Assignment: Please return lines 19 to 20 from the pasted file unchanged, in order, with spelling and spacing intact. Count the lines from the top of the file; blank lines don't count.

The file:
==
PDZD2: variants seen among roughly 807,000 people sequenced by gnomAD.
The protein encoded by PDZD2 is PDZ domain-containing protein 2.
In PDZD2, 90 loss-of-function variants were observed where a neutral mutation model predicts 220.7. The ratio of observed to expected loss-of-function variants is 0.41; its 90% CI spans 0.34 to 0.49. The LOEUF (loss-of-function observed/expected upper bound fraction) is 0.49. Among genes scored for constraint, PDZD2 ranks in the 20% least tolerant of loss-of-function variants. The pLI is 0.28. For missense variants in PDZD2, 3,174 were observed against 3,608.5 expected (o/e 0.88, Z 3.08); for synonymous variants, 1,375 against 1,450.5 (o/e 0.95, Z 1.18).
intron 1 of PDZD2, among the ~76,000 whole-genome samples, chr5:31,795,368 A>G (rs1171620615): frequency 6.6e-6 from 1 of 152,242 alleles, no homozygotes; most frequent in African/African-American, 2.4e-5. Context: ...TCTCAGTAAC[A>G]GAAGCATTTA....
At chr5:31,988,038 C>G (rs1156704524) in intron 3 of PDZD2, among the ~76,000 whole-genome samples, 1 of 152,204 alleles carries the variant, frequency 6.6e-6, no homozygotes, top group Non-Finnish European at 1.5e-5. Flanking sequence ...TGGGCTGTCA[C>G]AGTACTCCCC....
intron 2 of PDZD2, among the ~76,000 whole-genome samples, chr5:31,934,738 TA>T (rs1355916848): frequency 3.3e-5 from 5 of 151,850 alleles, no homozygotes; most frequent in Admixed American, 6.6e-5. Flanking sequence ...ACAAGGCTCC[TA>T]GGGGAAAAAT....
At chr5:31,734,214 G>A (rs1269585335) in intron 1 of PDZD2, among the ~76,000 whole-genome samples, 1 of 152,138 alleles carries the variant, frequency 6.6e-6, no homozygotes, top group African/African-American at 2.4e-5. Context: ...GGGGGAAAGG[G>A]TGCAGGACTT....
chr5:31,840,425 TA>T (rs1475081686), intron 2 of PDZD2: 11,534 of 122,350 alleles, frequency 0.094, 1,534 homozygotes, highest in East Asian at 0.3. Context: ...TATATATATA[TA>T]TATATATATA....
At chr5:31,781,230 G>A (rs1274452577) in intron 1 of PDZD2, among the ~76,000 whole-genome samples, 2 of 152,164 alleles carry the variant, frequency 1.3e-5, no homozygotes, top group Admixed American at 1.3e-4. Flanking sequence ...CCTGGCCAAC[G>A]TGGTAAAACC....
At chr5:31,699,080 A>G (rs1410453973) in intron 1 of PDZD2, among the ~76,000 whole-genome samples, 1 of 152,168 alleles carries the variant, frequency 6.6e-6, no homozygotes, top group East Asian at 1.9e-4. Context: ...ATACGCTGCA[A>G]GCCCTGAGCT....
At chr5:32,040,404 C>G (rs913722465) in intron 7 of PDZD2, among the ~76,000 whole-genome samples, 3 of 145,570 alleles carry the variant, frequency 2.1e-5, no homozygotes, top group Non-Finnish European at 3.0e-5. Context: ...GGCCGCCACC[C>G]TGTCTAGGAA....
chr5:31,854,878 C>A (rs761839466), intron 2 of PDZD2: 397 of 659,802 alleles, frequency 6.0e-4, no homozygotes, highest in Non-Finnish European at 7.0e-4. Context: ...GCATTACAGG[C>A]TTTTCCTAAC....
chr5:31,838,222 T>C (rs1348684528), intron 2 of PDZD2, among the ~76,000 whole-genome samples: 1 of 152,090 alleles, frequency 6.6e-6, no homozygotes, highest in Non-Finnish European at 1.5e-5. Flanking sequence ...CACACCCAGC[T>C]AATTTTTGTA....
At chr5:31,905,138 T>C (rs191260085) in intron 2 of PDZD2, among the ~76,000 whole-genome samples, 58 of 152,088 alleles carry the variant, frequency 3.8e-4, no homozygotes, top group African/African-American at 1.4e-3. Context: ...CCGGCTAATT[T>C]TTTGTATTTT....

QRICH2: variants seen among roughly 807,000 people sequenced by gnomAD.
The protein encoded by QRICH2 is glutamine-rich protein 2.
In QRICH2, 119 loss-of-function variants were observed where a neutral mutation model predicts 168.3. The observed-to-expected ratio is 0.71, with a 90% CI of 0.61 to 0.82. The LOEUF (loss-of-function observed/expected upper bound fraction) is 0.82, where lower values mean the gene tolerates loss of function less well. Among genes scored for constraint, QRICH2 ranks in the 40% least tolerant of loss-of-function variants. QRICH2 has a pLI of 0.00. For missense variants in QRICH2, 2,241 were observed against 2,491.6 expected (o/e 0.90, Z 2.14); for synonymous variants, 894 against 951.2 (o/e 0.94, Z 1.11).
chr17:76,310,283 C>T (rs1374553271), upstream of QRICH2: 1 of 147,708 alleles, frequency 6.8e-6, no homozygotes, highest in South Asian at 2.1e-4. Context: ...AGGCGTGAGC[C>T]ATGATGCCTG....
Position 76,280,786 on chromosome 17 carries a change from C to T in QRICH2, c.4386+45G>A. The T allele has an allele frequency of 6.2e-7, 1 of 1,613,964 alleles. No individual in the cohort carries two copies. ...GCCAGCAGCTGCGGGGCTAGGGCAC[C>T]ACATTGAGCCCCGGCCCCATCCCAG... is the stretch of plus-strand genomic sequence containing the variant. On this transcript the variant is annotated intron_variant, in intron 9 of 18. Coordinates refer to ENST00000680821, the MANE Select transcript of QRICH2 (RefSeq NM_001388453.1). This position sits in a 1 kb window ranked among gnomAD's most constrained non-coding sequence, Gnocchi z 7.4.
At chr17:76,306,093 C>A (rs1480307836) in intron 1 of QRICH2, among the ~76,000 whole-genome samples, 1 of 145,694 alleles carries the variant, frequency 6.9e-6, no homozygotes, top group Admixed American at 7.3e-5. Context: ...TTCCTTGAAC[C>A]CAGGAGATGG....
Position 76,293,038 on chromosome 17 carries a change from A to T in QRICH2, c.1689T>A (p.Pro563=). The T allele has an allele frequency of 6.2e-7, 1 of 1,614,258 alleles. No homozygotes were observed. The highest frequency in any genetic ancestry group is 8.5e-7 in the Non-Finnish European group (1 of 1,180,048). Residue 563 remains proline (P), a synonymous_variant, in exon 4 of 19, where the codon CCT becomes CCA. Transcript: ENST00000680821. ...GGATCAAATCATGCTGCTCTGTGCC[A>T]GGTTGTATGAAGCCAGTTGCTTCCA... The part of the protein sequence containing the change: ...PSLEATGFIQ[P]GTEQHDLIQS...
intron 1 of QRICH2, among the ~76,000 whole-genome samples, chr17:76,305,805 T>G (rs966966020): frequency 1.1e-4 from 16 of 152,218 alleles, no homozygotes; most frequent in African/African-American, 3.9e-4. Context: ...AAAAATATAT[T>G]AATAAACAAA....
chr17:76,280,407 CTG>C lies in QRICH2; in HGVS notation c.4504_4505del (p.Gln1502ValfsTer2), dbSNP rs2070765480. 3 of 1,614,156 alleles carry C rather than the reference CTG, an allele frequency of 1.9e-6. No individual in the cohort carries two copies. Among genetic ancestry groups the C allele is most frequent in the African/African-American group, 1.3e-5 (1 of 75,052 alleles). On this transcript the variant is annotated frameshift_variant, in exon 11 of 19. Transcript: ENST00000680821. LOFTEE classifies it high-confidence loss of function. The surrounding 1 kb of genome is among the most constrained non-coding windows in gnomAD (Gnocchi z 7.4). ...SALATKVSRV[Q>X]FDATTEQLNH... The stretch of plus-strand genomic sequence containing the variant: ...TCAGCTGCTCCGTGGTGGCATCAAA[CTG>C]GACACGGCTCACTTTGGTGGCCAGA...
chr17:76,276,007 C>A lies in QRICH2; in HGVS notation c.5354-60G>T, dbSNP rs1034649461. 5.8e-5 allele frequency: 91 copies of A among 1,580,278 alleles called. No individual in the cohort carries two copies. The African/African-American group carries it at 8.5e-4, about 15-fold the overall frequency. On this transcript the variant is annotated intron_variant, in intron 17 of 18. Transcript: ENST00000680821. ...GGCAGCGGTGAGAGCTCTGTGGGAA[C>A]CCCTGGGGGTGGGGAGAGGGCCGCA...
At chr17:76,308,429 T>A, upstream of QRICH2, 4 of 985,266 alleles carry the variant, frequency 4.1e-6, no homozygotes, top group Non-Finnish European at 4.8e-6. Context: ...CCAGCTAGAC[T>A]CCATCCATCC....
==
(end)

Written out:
Position 76,280,786 on chromosome 17 carries a change from C to T in QRICH2, c.4386+45G>A. The T allele has an allele frequency of 6.2e-7, 1 of 1,613,964 alleles. No individual in the cohort carries two copies. ...GCCAGCAGCTGCGGGGCTAGGGCAC[C>T]ACATTGAGCCCCGGCCCCATCCCAG... is the stretch of plus-strand genomic sequence containing the variant. On this transcript the variant is annotated intron_variant, in intron 9 of 18. Coordinates refer to ENST00000680821, the MANE Select transcript of QRICH2 (RefSeq NM_001388453.1). This position sits in a 1 kb window ranked among gnomAD's most constrained non-coding sequence, Gnocchi z 7.4.
At chr17:76,306,093 C>A (rs1480307836) in intron 1 of QRICH2, among the ~76,000 whole-genome samples, 1 of 145,694 alleles carries the variant, frequency 6.9e-6, no homozygotes, top group Admixed American at 7.3e-5. Context: ...TTCCTTGAAC[C>A]CAGGAGATGG....